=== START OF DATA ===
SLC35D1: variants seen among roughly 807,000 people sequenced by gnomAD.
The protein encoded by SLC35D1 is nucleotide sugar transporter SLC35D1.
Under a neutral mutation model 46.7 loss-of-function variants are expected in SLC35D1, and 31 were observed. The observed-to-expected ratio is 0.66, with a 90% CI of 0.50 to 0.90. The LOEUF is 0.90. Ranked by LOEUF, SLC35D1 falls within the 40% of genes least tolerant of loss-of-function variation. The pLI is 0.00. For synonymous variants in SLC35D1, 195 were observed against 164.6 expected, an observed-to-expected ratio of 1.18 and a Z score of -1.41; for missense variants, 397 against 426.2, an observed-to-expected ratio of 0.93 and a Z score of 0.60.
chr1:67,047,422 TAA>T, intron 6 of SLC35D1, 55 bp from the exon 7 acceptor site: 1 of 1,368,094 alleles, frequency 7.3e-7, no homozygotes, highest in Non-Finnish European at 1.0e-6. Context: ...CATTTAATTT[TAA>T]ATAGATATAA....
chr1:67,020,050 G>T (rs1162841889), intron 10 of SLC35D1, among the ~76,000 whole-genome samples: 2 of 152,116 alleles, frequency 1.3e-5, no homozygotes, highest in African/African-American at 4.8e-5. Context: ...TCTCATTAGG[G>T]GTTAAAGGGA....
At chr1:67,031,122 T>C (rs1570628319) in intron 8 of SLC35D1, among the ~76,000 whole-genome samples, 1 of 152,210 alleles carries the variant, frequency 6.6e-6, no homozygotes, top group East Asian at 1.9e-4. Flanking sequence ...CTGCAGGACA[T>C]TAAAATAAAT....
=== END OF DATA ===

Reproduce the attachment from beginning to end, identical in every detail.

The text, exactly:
SLC35D1: variants seen among roughly 807,000 people sequenced by gnomAD.
The protein encoded by SLC35D1 is nucleotide sugar transporter SLC35D1.
Under a neutral mutation model 46.7 loss-of-function variants are expected in SLC35D1, and 31 were observed. The observed-to-expected ratio is 0.66, with a 90% CI of 0.50 to 0.90. The LOEUF is 0.90. Ranked by LOEUF, SLC35D1 falls within the 40% of genes least tolerant of loss-of-function variation. The pLI is 0.00. For synonymous variants in SLC35D1, 195 were observed against 164.6 expected, an observed-to-expected ratio of 1.18 and a Z score of -1.41; for missense variants, 397 against 426.2, an observed-to-expected ratio of 0.93 and a Z score of 0.60.
chr1:67,047,422 TAA>T, intron 6 of SLC35D1, 55 bp from the exon 7 acceptor site: 1 of 1,368,094 alleles, frequency 7.3e-7, no homozygotes, highest in Non-Finnish European at 1.0e-6. Context: ...CATTTAATTT[TAA>T]ATAGATATAA....
chr1:67,020,050 G>T (rs1162841889), intron 10 of SLC35D1, among the ~76,000 whole-genome samples: 2 of 152,116 alleles, frequency 1.3e-5, no homozygotes, highest in African/African-American at 4.8e-5. Context: ...TCTCATTAGG[G>T]GTTAAAGGGA....
At chr1:67,031,122 T>C (rs1570628319) in intron 8 of SLC35D1, among the ~76,000 whole-genome samples, 1 of 152,210 alleles carries the variant, frequency 6.6e-6, no homozygotes, top group East Asian at 1.9e-4. Flanking sequence ...CTGCAGGACA[T>C]TAAAATAAAT....